+---------------------------------------+------------------------+--------------------------------------------------------------+
| drop_rate_label | 0.0 | Dropout rate for embedding layers of label features. |
| | | Value should be between 0 and 1. |
| | | The higher the value the higher the regularization effect. |
+---------------------------------------+------------------------+--------------------------------------------------------------+
| drop_rate_attention | 0.0 | Dropout rate for attention. Value should be between 0 and 1. |
| | | The higher the value the higher the regularization effect. |
+---------------------------------------+------------------------+--------------------------------------------------------------+
| connection_density | 0.8 | Sparsity of the weights in dense layers. |
| | | Value should be between 0 and 1. |
+---------------------------------------+------------------------+--------------------------------------------------------------+
| use_sparse_input_dropout | True | If 'True' apply dropout to sparse input tensors. |
+---------------------------------------+------------------------+--------------------------------------------------------------+
| use_dense_input_dropout | True | If 'True' apply dropout to sparse features after they are |
| | | converted into dense features. |
+---------------------------------------+------------------------+--------------------------------------------------------------+
| evaluate_every_number_of_epochs | 20 | How often to calculate validation accuracy. |
| | | Set to '-1' to evaluate just once at the end of training. |
+---------------------------------------+------------------------+--------------------------------------------------------------+
| evaluate_on_number_of_examples | 0 | How many examples to use for hold out validation set. |
| | | Large values may hurt performance, e.g. model accuracy. |
| | | Keep at 0 if your data set contains a lot of unique examples |
| | | of dialogue turns. |
+---------------------------------------+------------------------+--------------------------------------------------------------+
| tensorboard_log_directory | None | If you want to use tensorboard to visualize training |
| | | metrics, set this option to a valid output directory. You |
| | | can view the training metrics after training in tensorboard |
| | | via 'tensorboard --logdir <path-to-given-directory>'. |
+---------------------------------------+------------------------+--------------------------------------------------------------+
| tensorboard_log_level | "epoch" | Define when training metrics for tensorboard should be |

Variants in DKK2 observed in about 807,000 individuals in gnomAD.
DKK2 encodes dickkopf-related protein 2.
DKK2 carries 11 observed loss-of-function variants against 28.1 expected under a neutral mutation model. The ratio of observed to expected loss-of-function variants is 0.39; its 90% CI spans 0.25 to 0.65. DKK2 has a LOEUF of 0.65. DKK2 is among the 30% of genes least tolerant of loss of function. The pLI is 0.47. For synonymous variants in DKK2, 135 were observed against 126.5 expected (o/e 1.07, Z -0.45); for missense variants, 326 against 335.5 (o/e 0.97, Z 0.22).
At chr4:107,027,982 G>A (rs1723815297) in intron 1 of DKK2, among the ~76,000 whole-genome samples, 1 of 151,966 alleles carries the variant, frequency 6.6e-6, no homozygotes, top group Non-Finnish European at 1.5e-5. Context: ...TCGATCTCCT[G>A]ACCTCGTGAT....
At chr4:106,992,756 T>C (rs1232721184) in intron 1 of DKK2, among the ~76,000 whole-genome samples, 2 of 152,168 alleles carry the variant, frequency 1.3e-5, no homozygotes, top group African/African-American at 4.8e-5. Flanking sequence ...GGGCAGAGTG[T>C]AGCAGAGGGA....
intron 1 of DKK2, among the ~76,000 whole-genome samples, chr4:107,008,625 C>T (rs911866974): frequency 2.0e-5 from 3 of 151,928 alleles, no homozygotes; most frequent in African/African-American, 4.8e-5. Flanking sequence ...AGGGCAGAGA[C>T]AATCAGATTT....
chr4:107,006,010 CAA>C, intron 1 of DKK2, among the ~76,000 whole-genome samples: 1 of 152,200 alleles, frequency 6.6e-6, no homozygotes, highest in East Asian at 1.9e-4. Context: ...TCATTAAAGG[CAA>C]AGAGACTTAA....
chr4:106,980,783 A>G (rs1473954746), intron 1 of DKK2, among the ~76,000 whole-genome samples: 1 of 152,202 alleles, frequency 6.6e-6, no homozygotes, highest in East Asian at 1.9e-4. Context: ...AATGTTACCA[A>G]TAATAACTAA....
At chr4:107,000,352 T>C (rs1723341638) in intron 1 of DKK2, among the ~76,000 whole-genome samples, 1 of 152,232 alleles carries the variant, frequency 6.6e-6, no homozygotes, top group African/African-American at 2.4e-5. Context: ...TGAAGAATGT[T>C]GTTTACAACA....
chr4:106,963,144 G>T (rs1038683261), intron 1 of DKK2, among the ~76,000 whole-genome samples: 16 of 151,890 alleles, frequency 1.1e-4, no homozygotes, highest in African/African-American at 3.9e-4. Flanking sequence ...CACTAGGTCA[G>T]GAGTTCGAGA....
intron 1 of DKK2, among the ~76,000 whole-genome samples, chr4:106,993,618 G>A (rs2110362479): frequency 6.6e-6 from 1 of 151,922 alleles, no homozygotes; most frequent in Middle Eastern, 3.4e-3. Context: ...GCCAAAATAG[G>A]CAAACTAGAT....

| | | logged. Either after every epoch ('epoch') or for every |
| | | training step ('batch'). |
+---------------------------------------+------------------------+--------------------------------------------------------------+
| checkpoint_model | False | Save the best performing model during training. Models are |
| | | stored to the location specified by `--out`. Only the one |
| | | best model will be saved. |
| | | Requires `evaluate_on_number_of_examples > 0` and |
| | | `evaluate_every_number_of_epochs > 0` |
+---------------------------------------+------------------------+--------------------------------------------------------------+
| featurizers | [] | List of featurizer names (alias names). Only features |
| | | coming from the listed names are used. If list is empty |
| | | all available features are used. |
+---------------------------------------+------------------------+--------------------------------------------------------------+
| ignore_intents_list | [] | This parameter lets you configure `UnexpecTEDIntentPolicy` to ignore|
| | | the prediction of `action_unlikely_intent` for a subset of |
| | | intents. You might want to do this if you come across a |
| | | certain list of intents for which there are too many false |
| | | warnings generated. |
+---------------------------------------+------------------------+--------------------------------------------------------------+
| tolerance | 0.0 | The `tolerance` parameter is a number that ranges from `0.0` |
| | | to `1.0` (inclusive). It helps to adjust the threshold score |
| | | used during prediction of `action_unlikely_intent` at |
| | | inference time. Here, `0.0` means that the score threshold |
| | | is the one that `UnexpecTEDIntentPolicy` had determined at training |
| | | time. A tolerance of `1.0` means that the threshold score |
| | | is so low that `IntentTED` would not trigger |
| | | `action_unlikely_intent` for any of the "negative examples" |
| | | that it has encountered during training. These negative |